8. Using Common Bacteria for Medical Imaging Purposes
Scientists at the California Institute of Technology created genetically engineered versions of the salmonella and E. coli bacteria for sound waves to bounce off and be sent back using an ultrasound. This advancement in healthcare technology means doctors could potentially see things happening in parts of the body that were previously not suitable for visual monitoring during efforts to fight diseases and track how they spread.
9. Marijuana-Based Epilepsy Drug Earns FDA Approval
An epilepsy-treating medication called Epidiolex is derived from cannabis and has the distinction of being the first drug of its kind to get approved by the U.S. Food and Drug Administration (FDA). It treats two rare forms of childhood epilepsy and notably does not contain THC, the psychoactive component of marijuana that makes people high.
10. The Continued Widespread Adoption of Electronic Health Records
Electronic health records (EHR) is one of the many healthcare technologies that benefit both patients and doctors alike. Web-based EHR systems offer various advantages, such as increased efficiency and better quality of care.
The most competitive EHR companies in the marketplace regularly release offerings that cater to hospitals and doctors offices’ that need quick, secure and reliable access to patient records. A report published in June 2018 indicates that by 2025, the overall electronic health records market will be worth more than $38 billion.
11. The Possibility of Using Drugs to Treat Hearing Loss
Traditional treatments for hearing loss typically involve wearable devices, such as hearing aids. However, a company called Decibel Therapeutics is in the process of raising funding for innovations its representatives say could broaden the treatment options.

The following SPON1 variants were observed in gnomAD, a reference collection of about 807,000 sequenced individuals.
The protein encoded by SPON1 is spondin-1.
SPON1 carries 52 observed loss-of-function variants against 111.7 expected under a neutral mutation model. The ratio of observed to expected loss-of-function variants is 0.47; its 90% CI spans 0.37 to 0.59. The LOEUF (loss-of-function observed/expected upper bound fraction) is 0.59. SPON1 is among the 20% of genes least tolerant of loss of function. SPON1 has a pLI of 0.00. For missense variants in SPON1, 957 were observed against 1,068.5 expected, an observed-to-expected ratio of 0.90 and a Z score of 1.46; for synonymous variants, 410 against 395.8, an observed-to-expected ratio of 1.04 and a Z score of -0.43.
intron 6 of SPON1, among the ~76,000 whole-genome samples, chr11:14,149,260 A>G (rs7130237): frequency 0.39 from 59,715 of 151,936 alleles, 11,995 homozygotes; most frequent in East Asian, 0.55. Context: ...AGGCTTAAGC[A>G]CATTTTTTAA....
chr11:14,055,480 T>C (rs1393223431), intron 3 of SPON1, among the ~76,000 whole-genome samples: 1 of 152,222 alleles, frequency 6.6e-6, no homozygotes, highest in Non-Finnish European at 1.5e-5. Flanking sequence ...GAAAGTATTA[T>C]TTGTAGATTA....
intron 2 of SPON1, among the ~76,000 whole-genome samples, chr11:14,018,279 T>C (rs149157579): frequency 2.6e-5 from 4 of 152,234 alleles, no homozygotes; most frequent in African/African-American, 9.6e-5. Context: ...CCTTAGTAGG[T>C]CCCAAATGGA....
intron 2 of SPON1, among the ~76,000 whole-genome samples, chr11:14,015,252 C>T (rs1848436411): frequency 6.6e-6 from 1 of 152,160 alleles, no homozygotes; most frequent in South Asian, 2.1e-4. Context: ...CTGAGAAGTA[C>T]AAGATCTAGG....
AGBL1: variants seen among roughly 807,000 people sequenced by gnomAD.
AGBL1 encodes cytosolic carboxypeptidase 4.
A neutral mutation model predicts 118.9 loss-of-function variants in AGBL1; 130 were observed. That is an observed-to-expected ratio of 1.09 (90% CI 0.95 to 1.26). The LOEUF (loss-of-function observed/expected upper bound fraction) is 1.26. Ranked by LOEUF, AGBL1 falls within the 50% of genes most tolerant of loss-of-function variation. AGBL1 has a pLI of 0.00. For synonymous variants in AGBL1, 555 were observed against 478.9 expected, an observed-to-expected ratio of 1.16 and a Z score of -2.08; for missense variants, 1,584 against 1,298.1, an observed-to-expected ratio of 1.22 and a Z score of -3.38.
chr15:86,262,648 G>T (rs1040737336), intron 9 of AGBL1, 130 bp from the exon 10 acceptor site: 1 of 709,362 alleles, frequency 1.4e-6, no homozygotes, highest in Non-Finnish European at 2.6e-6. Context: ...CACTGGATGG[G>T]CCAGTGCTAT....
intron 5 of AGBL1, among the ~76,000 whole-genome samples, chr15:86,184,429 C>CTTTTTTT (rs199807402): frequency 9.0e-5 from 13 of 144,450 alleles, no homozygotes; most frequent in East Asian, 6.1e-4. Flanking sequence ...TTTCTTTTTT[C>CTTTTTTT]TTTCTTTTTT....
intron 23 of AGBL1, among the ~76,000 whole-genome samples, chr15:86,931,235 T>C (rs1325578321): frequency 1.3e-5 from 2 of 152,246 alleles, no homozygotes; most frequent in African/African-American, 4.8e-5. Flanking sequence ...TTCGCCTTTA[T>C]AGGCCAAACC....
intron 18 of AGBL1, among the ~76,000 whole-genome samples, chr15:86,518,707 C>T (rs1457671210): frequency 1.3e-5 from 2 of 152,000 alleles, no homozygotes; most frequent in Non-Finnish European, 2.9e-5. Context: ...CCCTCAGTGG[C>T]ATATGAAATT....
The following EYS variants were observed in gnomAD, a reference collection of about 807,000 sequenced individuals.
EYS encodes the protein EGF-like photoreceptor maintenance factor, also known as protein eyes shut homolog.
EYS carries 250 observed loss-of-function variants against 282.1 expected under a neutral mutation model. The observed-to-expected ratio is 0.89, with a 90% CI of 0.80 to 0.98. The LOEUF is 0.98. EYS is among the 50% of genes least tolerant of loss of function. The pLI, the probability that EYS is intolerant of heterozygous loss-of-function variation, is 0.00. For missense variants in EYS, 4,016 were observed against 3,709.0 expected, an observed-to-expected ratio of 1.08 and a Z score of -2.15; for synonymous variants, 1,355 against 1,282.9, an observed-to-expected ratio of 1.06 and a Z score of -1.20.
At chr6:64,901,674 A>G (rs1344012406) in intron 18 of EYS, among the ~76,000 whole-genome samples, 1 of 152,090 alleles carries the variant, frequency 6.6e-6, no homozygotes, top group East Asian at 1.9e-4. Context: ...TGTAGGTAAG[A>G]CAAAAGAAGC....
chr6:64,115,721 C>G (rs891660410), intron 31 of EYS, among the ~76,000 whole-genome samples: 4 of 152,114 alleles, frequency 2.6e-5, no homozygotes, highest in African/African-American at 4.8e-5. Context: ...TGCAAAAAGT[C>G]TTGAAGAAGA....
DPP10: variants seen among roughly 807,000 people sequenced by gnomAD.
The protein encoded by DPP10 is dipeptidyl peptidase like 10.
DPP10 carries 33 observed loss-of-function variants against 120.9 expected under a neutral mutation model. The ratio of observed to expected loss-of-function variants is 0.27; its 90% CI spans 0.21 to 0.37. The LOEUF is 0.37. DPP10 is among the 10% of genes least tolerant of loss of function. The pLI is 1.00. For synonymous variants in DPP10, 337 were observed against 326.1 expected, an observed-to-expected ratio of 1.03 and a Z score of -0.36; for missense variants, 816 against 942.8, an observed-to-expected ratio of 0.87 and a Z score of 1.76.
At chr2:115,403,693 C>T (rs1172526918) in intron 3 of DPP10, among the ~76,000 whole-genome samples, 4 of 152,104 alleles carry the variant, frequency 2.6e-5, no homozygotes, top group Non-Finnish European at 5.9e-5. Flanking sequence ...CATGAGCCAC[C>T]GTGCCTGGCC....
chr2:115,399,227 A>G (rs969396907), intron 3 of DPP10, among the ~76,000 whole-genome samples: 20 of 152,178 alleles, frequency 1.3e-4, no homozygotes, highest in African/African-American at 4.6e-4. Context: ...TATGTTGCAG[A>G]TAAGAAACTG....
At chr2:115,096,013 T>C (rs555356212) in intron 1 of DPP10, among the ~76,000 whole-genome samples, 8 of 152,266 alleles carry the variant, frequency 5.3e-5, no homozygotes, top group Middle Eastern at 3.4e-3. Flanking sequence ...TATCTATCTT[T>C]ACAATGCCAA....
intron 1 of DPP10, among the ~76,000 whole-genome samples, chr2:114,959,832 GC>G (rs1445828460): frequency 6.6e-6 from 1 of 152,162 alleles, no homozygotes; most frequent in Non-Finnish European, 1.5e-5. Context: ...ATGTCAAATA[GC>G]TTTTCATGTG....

The establishment reportedly has drugs in development that might benefit people with various types of hearing loss. It has already noticed improvements related to hearing loss caused by medication when testing the drugs in mice.
12. More Applications of Virtual Reality in Medicine
2017 saw medical practitioners depending on virtual reality (VR) to help people feel calmer before surgeries, make rehabilitation treatments more pleasant and treat addictions, among other applications. People can expect 2018 to bring more of the same. For example, an emergency room in France is using VR to reduce patients’ dependence on pain-relieving medications.
13. Increased Uses for Big Data
Data collection is instrumental in the health sector on both the patient and practitioner side of things. For example, a person wearing an insulin monitoring device could receive historical information that indicates they aren’t properly managing their diabetes.
Also, hospital emergency rooms and first responder dispatch centers frequently depend on big data to provide more efficient assistance to those who need it most. This trend will continue through 2018 and beyond.
14. A Proactive Way to Identify Instances of Spastic Cerebral Palsy
A small study of children with spastic cerebral palsy indicated a new method of sequencing blood samples could be a more efficient way of diagnosing the disorder than the options that currently exist.
Most children with cerebral palsy have it from birth but may not receive diagnoses until they are at least two years old. However, this new health care technology advancement predicted instances of cerebral palsy in kids with 73 percent accuracy. That result could allow kids with cerebral palsy and their families to pursue treatments faster than before.
15. An Injection for Migraine Headaches That Reduces Frequency